cable. We have used 4-core telephone cable. Follow the diagram to
prevent any mistakes. The 470R resistor is soldered to pins 4 and 8 of
the female plug.
IF IT DOESN'T WORK
The 5v supply
voltage for the chip and the 13v-14v programming voltage comes from the
RS-232 feature of the serial port. Some of the lines making up the
RS-232 are capable of rising to a positive voltage (about 8 to 12v) and
falling to a negative voltage (about -8v to -12v). There are also lines
that fluctuate from 0v to +5v. But unfortunately some computers
fluctuate between +8v and -8v and some are less.
If the 3 red LEDs on the programmer do not illuminate when a chip is
inserted, the most common problem is the 13v rail. The lines are not
producing the 13v rail.
To solve this problem, fit 4 tiny button cells between the 15k resistor
and Vpp of the chip.
Only a very small current is required when programming and zero current
is taken when the chip is removed, so the cells with last a life-time.
PIC PROGRAMMER MkV
with 6v Modification
USING OTHER PROGRAMMERS
There are many programmers on the market to program PIC
chips but this project is the cheapest. We have designed it to program
two of the smallest and cheapest chips in the range.
If you don't have a computer with a serial port, you will need a
lap-top and buy a programmer from MicroChip.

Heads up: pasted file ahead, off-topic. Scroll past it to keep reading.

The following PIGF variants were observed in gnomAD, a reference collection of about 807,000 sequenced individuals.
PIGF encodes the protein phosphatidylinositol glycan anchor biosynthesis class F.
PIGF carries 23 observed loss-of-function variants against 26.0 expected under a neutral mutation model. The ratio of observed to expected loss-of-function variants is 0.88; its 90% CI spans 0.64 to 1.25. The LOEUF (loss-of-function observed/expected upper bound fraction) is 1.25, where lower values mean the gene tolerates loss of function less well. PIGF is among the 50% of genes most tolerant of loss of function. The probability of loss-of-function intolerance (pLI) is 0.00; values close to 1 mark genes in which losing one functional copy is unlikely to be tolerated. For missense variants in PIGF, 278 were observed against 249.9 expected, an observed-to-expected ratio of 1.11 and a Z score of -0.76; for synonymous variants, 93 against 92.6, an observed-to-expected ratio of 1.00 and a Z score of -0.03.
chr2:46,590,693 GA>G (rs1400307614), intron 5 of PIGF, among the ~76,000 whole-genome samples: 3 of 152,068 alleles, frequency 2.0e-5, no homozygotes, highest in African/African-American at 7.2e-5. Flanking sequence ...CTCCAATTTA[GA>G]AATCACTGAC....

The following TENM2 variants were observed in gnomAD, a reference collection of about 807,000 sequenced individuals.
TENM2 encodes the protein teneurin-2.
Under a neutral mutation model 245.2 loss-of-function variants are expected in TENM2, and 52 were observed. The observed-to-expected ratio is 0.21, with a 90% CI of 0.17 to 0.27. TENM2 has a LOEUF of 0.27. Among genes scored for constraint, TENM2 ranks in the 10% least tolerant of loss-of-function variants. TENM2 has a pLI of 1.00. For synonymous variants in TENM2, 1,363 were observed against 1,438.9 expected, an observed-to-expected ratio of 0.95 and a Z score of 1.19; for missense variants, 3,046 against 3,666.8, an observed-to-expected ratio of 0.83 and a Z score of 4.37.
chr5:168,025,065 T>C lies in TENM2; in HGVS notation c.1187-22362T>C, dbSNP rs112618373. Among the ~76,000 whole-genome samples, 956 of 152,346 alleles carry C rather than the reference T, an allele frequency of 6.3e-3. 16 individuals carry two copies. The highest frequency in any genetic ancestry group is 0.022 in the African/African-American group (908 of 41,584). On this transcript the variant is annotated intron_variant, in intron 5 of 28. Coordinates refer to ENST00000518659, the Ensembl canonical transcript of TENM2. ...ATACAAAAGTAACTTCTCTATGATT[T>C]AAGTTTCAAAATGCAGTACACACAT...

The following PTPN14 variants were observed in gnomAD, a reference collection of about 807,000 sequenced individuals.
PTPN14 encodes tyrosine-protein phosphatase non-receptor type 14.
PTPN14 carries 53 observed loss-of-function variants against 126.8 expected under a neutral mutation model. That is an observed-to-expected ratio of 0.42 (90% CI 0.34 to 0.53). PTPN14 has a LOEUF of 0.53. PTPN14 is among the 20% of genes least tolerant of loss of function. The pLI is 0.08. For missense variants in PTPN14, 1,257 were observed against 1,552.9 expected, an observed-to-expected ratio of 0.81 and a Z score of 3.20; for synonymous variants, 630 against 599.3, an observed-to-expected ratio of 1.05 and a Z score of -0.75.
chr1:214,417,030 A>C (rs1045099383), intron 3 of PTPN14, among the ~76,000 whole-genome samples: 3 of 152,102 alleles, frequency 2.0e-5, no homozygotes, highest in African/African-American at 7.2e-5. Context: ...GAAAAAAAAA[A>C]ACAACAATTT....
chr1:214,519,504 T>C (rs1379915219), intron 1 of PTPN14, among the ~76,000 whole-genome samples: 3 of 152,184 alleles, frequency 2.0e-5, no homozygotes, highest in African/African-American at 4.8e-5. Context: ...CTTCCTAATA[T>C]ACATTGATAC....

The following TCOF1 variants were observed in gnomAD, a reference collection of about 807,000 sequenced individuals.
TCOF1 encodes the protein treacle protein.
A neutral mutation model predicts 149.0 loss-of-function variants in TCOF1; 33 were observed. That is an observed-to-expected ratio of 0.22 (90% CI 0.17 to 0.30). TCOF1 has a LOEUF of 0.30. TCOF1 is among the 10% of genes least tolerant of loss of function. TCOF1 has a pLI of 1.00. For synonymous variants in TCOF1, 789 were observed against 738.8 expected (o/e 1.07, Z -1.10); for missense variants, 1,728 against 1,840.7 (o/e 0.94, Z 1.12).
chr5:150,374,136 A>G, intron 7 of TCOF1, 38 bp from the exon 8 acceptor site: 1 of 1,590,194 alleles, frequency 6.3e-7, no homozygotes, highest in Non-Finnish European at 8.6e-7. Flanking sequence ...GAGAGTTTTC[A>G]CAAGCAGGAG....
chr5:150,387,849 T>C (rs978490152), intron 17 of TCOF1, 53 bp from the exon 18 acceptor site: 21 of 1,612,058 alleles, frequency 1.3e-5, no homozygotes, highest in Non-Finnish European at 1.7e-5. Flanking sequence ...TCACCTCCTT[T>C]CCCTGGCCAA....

It is called PICkit-2 and costs approx $65.00.
It uses the USB port found on most lap top computers.
It comes with 2 disks containing all the software you need and is designed to program "In-Circuit."
But you will need an adapter to connect between PICkit-2 and the project
you are developing. This
comes from Talking
Electronics. You will need to add 5 pins to your project to accept the
adapter. More about this on Talking Electronics website. See: 'In
PICkit-2 is available from MicroChip:
(cost $50.00 USD plus postage). The PICkit-2 from MicroChip is a
"package" that also contains 2 CD's and an extra PC board that connects
to the programmer so any 8, 14, 18 and 20 pin micros can be programmed. The
board contains 4 LEDs, a push-button and a pot as well as some
extra lands so you can create a small project.
that connects PICkit-2 to the project (you are designing) must
be purchased from Talking Electronics - otherwise you will have to use
the PC board (called an experimental board) that comes with PICkit-2 from Microchip
and move the chip to this board while it gets "burnt" (programmed).
- 470R 1/4 watt (1
1 - 4k7 "
2 - 10k "
1 - 15k "
1 - 100u 25vw electrolytic
1 - BC 547 transistor or similar
3 - red 3mm red LEDs
1 - green 3mm LED
1 - yellow 3mm LED
1 - 18 pin IC socket
1m - 4-core telephone cable
1 - 9 pin D-type female
1 - 9 pin backshell
30cm - very fine solder
1 - Matrix Board 13holes x